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10:20 AM Fri, Sept. 21st

Report: Arizona food prices continue to fluctuate

Arizona Farm Bureau Report

Item / 1st qtr 2017 / A year ago

Red delicious apples (pound) / $1.39 / $1.85

Russet potatoes (5 pounds) / $2.60 / $2.65

Ground chuck (pound) / $3.34 / $3.12

Sirloin tip roast (pound) / $5.86 / $7.64

Sliced deli ham (pound) / $3.99 / $3.99

Bacon (pound) / $5.48 / $4.67

Boneless chicken breasts (pound) / $2.79 / $3.19

Whole milk (gallon) / $2.23 / $2.25

Shredded mild cheddar cheese (pound) / $4.79 / $5.28

Grade A eggs (dozen) / $1.54 / $2.95

All-purpose flour (5 pounds) / $2.46 / $1.96

Orange juice (1/2 gallon) / $2.79 / $2.86

Vegetable oil (quart) / $2.35 / $2.27

American salad mix (pound) / $2.59 / $2.69

Toasted oat cereal (8.9 ounce box) / $3.57 / $2.61

White bread (20 ounce) / $1.39 / $1.22

-- Source: Arizona Farm Bureau Federation

PHOENIX — If the latest report from the Arizona Farm Bureau Federation is any indicator, cuts of beef will be more reasonable this year than last year.

But organization spokeswoman Julie Murphree said that should not be considered a license to overindulge.

Shoppers from the organization found the average price for the quarter just ended for sirloin tip roast at $5.86 a pound. That’s a dollar less than the last quarter of 2016 and nearly $2 less than the same time a year earlier.

Yet the cost of buying a pound of ground chuck is inching up, registering at $3.34 a pound now versus $3.12 last year.

Murphree said the difference may be a simple question of demand.

She said shoppers can decide that they really don’t need the fancier cuts of meat. Hamburger, however may be another story.

“We just got through the holiday season and a lot of families grill,’’ Murphree said. “We’re going into the summer season and a lot of families like to do a lot more grilling.’’

The new report released Monday also shows that egg prices remain far more affordable now than they have been.

A dozen large eggs will set the typical shopper back $1.54. And while that’s up 11 cents from three months ago, it is still only about half of what shoppers were paying last year.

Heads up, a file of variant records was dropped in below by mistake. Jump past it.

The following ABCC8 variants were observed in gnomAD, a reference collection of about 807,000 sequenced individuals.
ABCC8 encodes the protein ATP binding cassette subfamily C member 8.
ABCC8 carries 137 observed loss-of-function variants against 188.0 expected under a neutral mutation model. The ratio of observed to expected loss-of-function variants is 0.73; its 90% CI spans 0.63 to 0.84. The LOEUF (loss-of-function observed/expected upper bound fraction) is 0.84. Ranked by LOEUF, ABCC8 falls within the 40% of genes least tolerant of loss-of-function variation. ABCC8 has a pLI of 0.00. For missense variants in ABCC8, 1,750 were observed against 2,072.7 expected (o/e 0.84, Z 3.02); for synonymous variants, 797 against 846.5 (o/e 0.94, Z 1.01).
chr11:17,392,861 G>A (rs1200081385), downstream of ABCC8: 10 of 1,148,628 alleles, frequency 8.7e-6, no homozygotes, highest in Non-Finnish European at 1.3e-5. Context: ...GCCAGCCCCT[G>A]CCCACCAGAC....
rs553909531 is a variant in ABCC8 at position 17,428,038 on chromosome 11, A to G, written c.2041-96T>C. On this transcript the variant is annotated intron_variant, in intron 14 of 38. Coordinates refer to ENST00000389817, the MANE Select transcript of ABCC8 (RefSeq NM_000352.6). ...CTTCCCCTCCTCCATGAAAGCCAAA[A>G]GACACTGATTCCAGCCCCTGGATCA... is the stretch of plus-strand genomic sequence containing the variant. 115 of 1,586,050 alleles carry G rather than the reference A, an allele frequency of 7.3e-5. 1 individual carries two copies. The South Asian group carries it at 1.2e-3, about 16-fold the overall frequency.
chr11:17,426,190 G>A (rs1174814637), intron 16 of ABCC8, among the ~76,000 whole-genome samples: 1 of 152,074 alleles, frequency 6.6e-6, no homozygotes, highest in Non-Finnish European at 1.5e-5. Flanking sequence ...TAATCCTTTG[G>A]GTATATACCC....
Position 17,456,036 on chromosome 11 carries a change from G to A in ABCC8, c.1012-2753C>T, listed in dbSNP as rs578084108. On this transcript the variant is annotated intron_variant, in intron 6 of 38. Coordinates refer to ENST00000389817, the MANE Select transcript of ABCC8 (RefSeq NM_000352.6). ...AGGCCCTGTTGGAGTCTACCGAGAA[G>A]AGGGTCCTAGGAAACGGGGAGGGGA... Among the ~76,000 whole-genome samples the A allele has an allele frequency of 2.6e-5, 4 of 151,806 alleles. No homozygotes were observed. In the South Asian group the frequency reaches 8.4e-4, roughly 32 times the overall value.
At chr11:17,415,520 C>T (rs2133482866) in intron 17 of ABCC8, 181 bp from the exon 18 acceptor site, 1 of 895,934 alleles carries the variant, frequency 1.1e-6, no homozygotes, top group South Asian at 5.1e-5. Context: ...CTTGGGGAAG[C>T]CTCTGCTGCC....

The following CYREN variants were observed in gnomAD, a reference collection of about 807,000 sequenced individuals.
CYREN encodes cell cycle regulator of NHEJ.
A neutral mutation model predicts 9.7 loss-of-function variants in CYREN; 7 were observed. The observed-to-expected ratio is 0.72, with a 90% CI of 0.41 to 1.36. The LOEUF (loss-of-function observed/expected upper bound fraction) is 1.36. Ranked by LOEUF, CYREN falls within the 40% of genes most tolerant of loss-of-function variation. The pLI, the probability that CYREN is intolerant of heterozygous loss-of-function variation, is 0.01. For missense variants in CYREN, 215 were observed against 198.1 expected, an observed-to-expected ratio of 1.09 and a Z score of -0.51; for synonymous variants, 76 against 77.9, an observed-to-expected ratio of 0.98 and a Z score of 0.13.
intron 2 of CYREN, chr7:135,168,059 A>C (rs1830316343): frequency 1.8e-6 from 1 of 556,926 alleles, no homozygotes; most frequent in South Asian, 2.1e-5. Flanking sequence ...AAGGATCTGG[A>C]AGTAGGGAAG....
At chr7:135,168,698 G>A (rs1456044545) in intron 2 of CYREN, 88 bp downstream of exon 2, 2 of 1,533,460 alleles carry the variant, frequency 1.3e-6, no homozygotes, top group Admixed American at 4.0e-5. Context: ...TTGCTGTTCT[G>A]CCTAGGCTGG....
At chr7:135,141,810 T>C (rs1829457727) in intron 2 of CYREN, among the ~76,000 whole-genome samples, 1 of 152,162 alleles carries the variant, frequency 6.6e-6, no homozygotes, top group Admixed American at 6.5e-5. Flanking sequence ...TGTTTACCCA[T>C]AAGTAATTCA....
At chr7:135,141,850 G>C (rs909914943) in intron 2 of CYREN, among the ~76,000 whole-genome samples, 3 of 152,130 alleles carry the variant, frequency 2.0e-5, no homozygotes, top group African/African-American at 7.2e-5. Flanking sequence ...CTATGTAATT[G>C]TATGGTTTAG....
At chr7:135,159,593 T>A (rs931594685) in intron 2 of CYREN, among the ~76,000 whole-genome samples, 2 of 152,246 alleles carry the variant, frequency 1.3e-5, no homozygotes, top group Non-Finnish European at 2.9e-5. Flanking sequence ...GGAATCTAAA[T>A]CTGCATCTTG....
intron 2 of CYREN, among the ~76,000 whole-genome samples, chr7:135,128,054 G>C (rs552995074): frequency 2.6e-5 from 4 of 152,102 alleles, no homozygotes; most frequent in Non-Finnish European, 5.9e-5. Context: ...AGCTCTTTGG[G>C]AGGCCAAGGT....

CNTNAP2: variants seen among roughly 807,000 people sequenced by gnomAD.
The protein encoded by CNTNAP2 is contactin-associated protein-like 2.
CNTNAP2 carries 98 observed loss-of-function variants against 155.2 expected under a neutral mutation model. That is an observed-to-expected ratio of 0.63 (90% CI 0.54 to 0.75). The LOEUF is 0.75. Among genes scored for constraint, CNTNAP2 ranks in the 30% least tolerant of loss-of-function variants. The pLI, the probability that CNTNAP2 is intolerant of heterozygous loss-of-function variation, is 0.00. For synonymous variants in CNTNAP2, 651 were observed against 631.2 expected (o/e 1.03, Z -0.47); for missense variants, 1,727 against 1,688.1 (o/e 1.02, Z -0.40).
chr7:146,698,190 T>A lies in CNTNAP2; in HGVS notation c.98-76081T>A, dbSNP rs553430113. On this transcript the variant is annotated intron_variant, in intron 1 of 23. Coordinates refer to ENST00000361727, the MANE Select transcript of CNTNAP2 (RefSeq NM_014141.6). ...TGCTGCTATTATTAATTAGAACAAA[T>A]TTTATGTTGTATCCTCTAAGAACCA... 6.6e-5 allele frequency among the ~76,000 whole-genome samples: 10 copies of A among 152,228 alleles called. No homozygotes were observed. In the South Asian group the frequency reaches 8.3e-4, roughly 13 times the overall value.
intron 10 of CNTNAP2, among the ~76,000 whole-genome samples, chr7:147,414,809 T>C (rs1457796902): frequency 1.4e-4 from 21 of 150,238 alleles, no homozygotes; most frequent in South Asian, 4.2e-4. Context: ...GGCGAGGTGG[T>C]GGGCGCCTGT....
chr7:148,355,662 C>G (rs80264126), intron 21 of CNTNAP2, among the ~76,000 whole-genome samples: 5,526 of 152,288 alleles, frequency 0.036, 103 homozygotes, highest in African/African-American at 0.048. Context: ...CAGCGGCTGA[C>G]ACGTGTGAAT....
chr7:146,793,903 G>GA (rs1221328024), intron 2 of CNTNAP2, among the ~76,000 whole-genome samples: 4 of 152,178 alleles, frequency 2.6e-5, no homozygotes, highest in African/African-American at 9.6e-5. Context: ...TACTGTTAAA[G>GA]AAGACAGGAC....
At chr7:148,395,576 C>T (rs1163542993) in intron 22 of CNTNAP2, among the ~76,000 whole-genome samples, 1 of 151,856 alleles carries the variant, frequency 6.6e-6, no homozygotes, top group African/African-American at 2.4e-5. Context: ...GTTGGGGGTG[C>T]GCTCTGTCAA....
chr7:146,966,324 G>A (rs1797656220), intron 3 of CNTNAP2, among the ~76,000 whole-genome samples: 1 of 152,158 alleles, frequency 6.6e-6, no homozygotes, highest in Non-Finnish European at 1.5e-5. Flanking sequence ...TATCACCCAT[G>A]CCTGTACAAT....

Murphree said this reflects the continued efforts by farmers to replenish stocks of laying hens which were decimated by avian flu.

One sharp increase came in the cost of a box of toasted oat cereal, rising 37 cents in the last quarter and nearly a dollar in the past year.

Murphree said this may be due to farmers changing out what they grow after the prices dropped sharply on the commodities that go into cereal. So as wheat and oats become less available, the cost will increase.

While Murphree said she is a big proponent of eating beef, she said Arizonans should not see that as an invitation to consume a lot more -- at least not at one sitting.

“I always say, ‘Eat beef, but have a balanced plate,'" she said, with meat no more than a third of what is being served. What that should translate to, said Murphree, is a serving of beef between three and five ounces.

The problem, she said, is that Americans are blessed with abundance. And Murphree said it shows, with people having a tendency to over eat.

She said people don’t need to look far, pointing to restaurants that serve these 20-ounce steaks -- a helping she does not consider healthy.

“We’re kind of going a little bit overboard,’’ Murphree said.

The prices in the survey are what Farm Bureau shoppers found on average. That means taking advantage of sales but without the use of coupons and without using the “affinity’’ cards that some chains offer for special sales.

She said careful consumers may be able to do better by looking for loss-leaders at supermarkets.